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Raising Missionaries Right: 8 Skills Parents Are Overlooking

Here are eight important lessons parents need to teach their kids, not only to help them become successful missionaries but to set a foundation for the rest of their lives.

After church one Sunday, my 10-year-old daughter’s Primary teacher stopped me in the foyer to share how amazing my daughter and her friend had been in role-playing being a missionary. She said she felt the Spirit so strongly as they seemed to answer tough questions with faith and courage, and she looked on in awe thinking about what fabulous missionaries these young women would be in a couple of years.

When she told me the story, this proud mama was all smiles. My oldest daughter is such a good girl. She always tries to do what’s right, and I never really worry about her. That is, until I start thinking about her away from home and possibly on a mission. Will her testimony be strong enough? Will she understand the gospel and scriptures enough to tackle tough questions? Will she really be ready?

I’ve always thought about missionary prep in terms of a class or studying and memorizing scriptures. Then I came across this article in the Liahona by a licensed psychologist about preparing emotionally and socially to serve a mission. The skills she shared are brilliant! They’re important, practical skills that I think we as parents sometimes overlook in our efforts to get our kids spiritually ready for a mission and making sure they know how to iron a shirt and cook a meal. But as the author pointed out, sometimes the biggest challenge in missionary work isn’t missionary work at all. Sometimes it’s what’s going on in their heads and with their emotions. Whether you’re trying to raise a missionary or not, these eight skills can help you better prepare your children to face the world.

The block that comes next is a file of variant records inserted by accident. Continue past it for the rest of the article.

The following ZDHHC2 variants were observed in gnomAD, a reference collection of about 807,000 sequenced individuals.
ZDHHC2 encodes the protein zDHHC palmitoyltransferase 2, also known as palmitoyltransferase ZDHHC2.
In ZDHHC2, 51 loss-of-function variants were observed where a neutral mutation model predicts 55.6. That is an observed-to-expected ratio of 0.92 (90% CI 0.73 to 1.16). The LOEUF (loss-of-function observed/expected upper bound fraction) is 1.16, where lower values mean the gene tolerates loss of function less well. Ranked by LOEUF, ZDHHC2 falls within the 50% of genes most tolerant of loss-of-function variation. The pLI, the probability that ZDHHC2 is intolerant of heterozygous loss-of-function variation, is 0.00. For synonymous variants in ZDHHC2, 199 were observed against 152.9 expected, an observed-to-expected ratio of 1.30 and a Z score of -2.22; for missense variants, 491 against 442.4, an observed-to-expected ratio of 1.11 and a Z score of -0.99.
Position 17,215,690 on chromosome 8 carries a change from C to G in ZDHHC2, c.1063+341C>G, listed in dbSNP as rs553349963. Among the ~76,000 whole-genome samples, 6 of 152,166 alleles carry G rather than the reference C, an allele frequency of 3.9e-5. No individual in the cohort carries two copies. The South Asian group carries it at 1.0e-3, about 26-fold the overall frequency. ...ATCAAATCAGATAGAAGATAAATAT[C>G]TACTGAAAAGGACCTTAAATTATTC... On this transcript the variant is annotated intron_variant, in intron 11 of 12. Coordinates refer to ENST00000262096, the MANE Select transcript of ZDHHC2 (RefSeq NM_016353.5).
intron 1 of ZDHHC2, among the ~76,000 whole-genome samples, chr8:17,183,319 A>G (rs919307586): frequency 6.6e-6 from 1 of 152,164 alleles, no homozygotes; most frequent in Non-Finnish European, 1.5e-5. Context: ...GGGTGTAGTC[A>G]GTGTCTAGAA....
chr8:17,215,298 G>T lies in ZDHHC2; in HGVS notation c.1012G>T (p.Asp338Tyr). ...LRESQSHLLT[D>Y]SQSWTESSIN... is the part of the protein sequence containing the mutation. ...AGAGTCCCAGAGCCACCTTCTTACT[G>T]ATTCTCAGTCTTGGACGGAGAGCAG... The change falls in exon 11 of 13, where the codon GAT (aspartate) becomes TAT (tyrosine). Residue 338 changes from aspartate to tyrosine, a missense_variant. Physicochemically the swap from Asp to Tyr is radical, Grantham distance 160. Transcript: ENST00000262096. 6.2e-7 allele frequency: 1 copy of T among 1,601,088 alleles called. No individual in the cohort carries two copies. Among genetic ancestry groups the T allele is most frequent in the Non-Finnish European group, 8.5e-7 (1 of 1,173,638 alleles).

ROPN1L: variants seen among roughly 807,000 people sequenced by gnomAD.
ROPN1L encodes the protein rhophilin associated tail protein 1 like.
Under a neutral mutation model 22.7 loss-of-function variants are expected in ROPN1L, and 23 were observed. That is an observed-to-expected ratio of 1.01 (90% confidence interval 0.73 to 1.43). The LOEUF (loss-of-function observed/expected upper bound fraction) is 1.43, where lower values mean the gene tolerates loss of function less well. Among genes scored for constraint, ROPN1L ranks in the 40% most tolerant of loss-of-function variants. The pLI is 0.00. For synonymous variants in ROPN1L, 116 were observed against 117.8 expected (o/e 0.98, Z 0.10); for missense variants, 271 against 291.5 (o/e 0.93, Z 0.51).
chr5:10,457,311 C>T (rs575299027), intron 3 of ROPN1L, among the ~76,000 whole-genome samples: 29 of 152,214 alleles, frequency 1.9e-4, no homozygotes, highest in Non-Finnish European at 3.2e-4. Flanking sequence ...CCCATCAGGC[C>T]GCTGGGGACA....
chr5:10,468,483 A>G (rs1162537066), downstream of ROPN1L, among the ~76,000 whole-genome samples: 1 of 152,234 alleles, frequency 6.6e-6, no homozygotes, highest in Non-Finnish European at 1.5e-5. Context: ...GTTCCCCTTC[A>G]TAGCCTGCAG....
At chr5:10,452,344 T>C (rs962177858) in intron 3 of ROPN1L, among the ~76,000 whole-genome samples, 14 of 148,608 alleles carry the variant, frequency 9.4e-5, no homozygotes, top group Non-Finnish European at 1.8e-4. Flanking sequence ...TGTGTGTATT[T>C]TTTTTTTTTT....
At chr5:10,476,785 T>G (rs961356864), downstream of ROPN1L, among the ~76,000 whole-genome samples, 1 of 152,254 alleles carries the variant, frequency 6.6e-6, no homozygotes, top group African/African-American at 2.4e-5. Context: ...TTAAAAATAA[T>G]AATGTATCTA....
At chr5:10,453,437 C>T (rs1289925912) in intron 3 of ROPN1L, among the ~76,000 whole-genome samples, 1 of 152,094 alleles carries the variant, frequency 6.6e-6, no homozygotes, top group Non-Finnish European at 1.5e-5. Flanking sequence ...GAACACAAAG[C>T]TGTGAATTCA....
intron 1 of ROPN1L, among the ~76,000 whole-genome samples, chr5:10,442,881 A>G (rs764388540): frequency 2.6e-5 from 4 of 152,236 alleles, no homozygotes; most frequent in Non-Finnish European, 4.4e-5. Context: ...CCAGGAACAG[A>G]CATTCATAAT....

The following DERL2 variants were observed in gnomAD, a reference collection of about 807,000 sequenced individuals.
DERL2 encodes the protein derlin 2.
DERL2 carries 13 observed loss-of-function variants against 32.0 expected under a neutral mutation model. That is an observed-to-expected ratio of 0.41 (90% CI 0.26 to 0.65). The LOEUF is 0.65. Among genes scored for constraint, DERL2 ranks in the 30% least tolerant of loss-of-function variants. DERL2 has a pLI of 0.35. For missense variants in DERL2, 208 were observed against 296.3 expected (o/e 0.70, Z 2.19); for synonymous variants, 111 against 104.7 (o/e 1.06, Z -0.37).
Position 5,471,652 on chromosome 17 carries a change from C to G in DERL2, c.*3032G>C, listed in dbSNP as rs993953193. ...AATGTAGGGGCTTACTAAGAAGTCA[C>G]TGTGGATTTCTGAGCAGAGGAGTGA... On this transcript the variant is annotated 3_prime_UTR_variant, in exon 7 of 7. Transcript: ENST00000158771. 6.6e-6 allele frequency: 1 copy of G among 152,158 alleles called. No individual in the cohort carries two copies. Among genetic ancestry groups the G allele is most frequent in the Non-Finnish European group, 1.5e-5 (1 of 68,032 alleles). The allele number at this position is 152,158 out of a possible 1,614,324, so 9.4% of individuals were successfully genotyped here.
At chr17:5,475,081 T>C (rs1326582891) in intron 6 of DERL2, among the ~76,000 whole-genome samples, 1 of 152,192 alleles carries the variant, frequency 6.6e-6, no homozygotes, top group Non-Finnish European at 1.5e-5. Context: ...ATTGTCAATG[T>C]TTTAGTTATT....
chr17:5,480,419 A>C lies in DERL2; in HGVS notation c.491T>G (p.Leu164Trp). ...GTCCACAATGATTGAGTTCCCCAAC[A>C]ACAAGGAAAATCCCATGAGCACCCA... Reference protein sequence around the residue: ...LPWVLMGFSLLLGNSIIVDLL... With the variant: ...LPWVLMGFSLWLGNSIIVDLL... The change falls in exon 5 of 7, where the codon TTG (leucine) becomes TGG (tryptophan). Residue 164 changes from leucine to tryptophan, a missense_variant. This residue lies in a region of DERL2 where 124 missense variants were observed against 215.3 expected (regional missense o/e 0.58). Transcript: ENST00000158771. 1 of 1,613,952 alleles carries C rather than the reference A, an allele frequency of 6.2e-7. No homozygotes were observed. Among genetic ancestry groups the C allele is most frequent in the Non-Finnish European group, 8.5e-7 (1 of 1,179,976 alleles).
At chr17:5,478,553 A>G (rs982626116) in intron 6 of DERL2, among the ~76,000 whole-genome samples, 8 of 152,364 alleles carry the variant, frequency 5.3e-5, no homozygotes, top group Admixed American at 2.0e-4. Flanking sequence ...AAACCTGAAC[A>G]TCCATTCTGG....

Teach them how to be humble without feeling humiliated

Being humble is a hard concept for my kids to grasp. In the article I referenced above, the author explained it like this: being humble means being teachable and willing to learn. Help kids understand that people are not born naturally good or bad at anything. We’re all inadequate. Skills and talents come as a result of work, practice, and often some failure. Missionary work is no exception. It’s the Lord’s work, not ours, and we don’t have to figure it all out on our own. Here’s how parents can apply that idea now:

  • Let your kids try new and hard things to teach them to get out of their comfort zones. Extracurricular activities, new jobs, and unfamiliar classes can teach them to ask questions, get help, analyze mistakes, and keep trying.
  • Teach your kids to not take feelings of inadequacy too seriously. Trust that with practice and work you can improve.
Lead image from Getty Images.
Read the rest of this story at lds.org